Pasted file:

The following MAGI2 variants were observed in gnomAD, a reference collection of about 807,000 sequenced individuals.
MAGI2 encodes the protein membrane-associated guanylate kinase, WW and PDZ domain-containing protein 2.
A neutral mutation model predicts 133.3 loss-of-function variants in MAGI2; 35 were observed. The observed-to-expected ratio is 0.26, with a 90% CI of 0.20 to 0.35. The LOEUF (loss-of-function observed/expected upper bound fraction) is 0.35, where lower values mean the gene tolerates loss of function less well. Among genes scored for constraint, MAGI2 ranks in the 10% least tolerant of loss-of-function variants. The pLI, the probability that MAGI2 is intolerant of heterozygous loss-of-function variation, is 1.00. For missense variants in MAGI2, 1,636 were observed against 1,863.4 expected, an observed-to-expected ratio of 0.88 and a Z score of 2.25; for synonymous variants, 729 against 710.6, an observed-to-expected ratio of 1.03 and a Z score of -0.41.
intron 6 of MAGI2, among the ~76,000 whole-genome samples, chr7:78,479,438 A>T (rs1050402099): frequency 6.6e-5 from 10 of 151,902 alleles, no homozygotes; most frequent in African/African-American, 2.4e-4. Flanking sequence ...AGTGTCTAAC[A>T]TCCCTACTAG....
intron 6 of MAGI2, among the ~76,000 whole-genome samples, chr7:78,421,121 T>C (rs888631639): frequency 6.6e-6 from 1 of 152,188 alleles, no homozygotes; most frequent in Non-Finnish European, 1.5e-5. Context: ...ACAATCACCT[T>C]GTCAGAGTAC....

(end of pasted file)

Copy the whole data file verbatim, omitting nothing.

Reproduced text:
The following MAGI2 variants were observed in gnomAD, a reference collection of about 807,000 sequenced individuals.
MAGI2 encodes the protein membrane-associated guanylate kinase, WW and PDZ domain-containing protein 2.
A neutral mutation model predicts 133.3 loss-of-function variants in MAGI2; 35 were observed. The observed-to-expected ratio is 0.26, with a 90% CI of 0.20 to 0.35. The LOEUF (loss-of-function observed/expected upper bound fraction) is 0.35, where lower values mean the gene tolerates loss of function less well. Among genes scored for constraint, MAGI2 ranks in the 10% least tolerant of loss-of-function variants. The pLI, the probability that MAGI2 is intolerant of heterozygous loss-of-function variation, is 1.00. For missense variants in MAGI2, 1,636 were observed against 1,863.4 expected, an observed-to-expected ratio of 0.88 and a Z score of 2.25; for synonymous variants, 729 against 710.6, an observed-to-expected ratio of 1.03 and a Z score of -0.41.
intron 6 of MAGI2, among the ~76,000 whole-genome samples, chr7:78,479,438 A>T (rs1050402099): frequency 6.6e-5 from 10 of 151,902 alleles, no homozygotes; most frequent in African/African-American, 2.4e-4. Flanking sequence ...AGTGTCTAAC[A>T]TCCCTACTAG....
intron 6 of MAGI2, among the ~76,000 whole-genome samples, chr7:78,421,121 T>C (rs888631639): frequency 6.6e-6 from 1 of 152,188 alleles, no homozygotes; most frequent in Non-Finnish European, 1.5e-5. Context: ...ACAATCACCT[T>C]GTCAGAGTAC....